My Socio Economic Rights

Reading this booklet will transform your world. Knowing that the necessities of life, such as food security, the highest possible level of health, education, housing, basic public utilities, transport, decent work and a living wage are your socio-economic rights will empower you to defend and exercise them. These rights are entrenched in various international law instruments such as the African Charter on Human and Peoples’ Rights and the United Nations Charter. In other countries such as South Africa, these rights are enshrined in the Bill of Rights section of their constitution.

Poor governance and corporate-driven globalisation are some of the forces behind the undermining of these rights. Corporate-driven globalisation promotes the interests of powerful multinational companies and those of developed nations at the expense of the developing ones. The effects of corporate-driven globalisation should be understood in the context of the adoption of the Economic Structural Adjustment Programme (ESAP) by the government in 1991, and the ratification of various trade agreements such as the SADC Trade Protocol, the COMESA Free Trade Area and NEPAD, among others. ESAP marked a paradigm shift in policy from the state-led development of the 1980s to a market-oriented economic system. ESAP entailed the liberalisation and deregulation of the economy. It resulted in massive cutbacks on government expenditure and support of essential services and basic socio-economic rights, which drastically increased the cost of basic services such as health and education and eliminated support for producers and consumers.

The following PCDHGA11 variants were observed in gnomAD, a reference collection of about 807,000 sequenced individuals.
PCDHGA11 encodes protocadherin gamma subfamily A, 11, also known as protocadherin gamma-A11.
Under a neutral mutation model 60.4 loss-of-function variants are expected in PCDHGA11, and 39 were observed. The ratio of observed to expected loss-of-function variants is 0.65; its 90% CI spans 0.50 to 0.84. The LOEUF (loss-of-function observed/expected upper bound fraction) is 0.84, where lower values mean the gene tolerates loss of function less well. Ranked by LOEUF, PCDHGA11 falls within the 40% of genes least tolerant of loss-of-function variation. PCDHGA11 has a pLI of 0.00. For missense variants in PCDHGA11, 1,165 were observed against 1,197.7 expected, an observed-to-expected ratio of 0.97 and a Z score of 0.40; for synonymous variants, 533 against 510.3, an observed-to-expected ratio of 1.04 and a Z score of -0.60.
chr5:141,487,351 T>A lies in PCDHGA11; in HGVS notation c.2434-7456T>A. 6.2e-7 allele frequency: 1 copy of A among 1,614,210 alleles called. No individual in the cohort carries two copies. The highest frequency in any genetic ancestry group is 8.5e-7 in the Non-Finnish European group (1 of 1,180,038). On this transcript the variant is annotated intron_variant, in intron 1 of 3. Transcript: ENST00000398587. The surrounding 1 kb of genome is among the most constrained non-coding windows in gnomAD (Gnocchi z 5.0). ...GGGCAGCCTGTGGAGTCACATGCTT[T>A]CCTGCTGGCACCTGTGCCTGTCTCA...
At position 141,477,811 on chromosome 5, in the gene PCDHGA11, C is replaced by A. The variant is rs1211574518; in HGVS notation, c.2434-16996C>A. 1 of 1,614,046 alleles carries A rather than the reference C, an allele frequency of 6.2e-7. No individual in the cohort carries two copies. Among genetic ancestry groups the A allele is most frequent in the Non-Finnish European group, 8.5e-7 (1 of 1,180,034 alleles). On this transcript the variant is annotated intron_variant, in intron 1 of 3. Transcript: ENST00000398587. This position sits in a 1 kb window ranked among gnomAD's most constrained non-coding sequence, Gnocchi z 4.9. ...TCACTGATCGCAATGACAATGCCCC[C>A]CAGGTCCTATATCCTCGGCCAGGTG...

The following discussion, therefore, is a status summary of your socio-economic rights in the wake of globalisation and the current economic crisis. We would like to thank SASK for providing funding for this project. We are also grateful to Alice Mutema, Emmaculate Moyo and Tafadzwa Mahere who updated and edited this booklet as well as Tony Namate who did the cartoon sketches.